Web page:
Philip Morris has been criminally convicted in Belgium for systematically violating the ban on tobacco advertising. The ruling is final and relates to abuses across Belgium, including through illegal sponsorship deals the world’s largest tobacco manufacturer has with stores. This is what de Tejd wrote on Saturday.
Belgian prosecutors have tried Philip Morris Benelux in criminal court because numerous inspections revealed that the manufacturer of cigarette brands Marlboro and L&M was violating the legal ban on tobacco advertising and sponsorship in various ways. Health inspectors have collected evidence of abuse at dozens of institutions across the country. This ranges from a distributor in Wijnegem in Antwerp, a tobacco seller in Adinkerke in West Flanders, gas stations in Anderlecht and Vorst, a supermarket in Huy (Country Liège), a newsagent in Bree in Limburg, to a grocery store in Châtelineau (County Hainaut) .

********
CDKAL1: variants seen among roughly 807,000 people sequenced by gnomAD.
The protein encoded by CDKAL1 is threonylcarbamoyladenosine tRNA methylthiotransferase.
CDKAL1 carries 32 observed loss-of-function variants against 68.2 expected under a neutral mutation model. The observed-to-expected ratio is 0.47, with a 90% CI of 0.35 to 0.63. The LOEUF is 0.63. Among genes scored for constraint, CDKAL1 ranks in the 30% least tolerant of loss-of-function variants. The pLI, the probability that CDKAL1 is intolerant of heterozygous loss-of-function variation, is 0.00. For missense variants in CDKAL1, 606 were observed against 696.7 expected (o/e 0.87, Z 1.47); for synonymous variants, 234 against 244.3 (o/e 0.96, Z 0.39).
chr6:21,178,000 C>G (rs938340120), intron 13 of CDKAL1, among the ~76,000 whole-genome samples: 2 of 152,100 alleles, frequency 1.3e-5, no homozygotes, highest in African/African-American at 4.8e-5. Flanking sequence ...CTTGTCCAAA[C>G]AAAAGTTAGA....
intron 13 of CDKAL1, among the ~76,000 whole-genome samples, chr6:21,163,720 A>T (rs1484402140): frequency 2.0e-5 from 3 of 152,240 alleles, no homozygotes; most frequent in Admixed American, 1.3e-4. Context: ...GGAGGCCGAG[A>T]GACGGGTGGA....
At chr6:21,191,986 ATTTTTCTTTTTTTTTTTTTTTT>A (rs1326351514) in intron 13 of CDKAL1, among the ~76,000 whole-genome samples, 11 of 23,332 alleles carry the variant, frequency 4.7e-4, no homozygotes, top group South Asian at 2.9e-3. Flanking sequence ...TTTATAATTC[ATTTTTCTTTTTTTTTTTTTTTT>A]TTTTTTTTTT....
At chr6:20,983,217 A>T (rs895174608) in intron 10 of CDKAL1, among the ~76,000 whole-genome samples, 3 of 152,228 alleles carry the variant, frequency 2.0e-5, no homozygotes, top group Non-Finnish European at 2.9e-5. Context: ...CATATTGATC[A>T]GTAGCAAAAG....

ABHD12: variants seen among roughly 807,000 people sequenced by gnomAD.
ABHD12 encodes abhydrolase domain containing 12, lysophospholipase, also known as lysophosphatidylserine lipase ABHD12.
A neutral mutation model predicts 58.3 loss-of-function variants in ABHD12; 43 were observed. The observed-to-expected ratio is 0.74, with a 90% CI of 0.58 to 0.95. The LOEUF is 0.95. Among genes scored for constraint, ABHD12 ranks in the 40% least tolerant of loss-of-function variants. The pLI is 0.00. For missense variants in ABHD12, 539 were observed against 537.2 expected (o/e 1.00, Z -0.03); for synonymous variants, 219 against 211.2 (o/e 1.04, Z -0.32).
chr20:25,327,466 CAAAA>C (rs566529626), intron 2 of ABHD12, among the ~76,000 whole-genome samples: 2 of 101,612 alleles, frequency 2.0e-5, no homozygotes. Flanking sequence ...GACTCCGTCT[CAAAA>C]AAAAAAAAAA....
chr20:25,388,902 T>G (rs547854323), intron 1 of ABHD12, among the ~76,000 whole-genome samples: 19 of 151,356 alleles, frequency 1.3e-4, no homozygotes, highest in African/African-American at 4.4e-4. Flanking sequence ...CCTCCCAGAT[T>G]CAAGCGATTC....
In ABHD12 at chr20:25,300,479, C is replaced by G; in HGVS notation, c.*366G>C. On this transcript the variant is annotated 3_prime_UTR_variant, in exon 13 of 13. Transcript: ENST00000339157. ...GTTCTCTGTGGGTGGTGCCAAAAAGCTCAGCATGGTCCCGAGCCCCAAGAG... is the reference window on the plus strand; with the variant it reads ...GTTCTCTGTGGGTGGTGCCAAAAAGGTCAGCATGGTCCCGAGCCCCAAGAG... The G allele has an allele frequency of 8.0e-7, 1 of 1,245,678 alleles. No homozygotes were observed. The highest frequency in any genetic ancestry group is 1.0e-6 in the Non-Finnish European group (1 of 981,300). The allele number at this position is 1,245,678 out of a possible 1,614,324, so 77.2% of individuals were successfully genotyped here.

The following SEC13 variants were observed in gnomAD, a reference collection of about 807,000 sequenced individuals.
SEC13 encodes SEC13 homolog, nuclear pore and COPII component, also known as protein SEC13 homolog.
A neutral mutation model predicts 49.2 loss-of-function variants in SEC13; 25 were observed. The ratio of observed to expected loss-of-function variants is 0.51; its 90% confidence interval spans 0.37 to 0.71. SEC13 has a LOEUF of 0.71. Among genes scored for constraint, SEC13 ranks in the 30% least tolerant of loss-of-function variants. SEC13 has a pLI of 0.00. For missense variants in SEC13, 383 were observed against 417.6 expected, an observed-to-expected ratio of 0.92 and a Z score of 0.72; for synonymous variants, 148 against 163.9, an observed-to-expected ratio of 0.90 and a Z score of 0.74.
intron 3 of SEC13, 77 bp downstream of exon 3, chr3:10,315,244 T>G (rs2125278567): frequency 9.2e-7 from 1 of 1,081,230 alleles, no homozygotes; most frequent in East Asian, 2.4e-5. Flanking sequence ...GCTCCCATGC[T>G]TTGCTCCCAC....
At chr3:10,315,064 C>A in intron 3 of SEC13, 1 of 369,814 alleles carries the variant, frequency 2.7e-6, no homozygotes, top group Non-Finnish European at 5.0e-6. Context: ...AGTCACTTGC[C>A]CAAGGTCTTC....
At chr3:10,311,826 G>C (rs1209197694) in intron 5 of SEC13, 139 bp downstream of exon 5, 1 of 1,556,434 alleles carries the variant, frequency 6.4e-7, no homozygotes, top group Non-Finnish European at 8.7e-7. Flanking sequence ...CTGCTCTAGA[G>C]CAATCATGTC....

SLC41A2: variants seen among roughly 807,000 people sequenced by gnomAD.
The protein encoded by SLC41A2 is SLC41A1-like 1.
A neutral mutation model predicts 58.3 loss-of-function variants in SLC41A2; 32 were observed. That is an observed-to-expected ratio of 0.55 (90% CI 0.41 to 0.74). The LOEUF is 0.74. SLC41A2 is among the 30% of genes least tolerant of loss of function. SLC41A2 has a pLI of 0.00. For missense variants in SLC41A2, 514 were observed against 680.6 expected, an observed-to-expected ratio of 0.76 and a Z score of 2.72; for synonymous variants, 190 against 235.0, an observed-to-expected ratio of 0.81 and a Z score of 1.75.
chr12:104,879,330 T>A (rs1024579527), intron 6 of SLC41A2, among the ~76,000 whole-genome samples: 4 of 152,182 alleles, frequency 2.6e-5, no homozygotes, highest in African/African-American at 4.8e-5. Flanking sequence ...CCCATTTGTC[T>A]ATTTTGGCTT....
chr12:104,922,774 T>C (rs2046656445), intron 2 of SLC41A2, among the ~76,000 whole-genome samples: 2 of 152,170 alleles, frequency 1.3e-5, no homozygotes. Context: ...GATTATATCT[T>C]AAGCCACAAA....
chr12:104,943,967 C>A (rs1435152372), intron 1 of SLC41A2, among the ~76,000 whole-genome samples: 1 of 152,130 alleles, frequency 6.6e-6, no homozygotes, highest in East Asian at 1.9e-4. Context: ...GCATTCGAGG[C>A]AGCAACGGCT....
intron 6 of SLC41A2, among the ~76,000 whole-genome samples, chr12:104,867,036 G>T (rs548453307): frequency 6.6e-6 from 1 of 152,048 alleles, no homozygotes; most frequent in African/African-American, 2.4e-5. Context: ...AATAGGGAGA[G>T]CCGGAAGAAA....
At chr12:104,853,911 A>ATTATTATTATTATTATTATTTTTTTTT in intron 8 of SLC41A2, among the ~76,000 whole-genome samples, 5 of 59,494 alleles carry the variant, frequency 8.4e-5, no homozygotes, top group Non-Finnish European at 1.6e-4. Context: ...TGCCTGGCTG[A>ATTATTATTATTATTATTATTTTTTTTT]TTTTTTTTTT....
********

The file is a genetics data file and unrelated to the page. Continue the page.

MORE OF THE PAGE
According to de Tejd, the criminal case was not previously known. Philip Morris Benelux, headquartered in Antwerp, went to the Court of Cassation to avoid conviction. But after convictions in first instance and on appeal, Philip Morris took a stand before the Court of Cassation, making the conviction final.
Among the malpractices for which the tobacco giant was convicted, the trade agreements it entered into with stores in Flanders, Brussels and Wallonia at least until the end of 2017. The dealers got money and other benefits if they gave Philip Morris tobacco products more visibility by displaying them in a “thoughtful and highly sophisticated manner”. The more they sell, the more rewards they get. The judge said those secret deals were illegal sponsorship.
Philip Morris Benelux spokesman Kobe Verhein says in De Tejd that the company has yet to receive the cassation ruling. “Although it is only a matter of settling old cases, we are disappointed that the court apparently did not listen to our argument.”